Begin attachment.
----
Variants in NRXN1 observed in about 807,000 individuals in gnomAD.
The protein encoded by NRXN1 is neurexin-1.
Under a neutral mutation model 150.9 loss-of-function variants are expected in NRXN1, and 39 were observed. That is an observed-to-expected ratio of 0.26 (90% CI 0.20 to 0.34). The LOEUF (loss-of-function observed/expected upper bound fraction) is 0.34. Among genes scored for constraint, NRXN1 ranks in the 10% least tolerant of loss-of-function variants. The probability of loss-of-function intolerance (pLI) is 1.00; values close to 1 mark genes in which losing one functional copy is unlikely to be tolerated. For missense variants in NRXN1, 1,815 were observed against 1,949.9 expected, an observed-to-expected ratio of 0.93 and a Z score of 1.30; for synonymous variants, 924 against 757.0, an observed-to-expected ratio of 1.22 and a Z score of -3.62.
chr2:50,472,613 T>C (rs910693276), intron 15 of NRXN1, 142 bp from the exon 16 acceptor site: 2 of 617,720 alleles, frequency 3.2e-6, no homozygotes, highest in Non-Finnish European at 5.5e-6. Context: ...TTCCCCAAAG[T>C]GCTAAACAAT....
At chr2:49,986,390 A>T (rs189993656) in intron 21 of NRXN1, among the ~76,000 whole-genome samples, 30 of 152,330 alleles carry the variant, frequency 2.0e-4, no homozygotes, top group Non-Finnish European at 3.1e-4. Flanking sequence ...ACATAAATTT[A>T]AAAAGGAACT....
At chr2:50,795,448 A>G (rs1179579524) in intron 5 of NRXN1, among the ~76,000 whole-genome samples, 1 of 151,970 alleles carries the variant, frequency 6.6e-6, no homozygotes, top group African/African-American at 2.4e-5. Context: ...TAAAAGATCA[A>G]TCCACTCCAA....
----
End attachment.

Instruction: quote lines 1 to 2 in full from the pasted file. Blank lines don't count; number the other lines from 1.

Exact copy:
Variants in NRXN1 observed in about 807,000 individuals in gnomAD.
The protein encoded by NRXN1 is neurexin-1.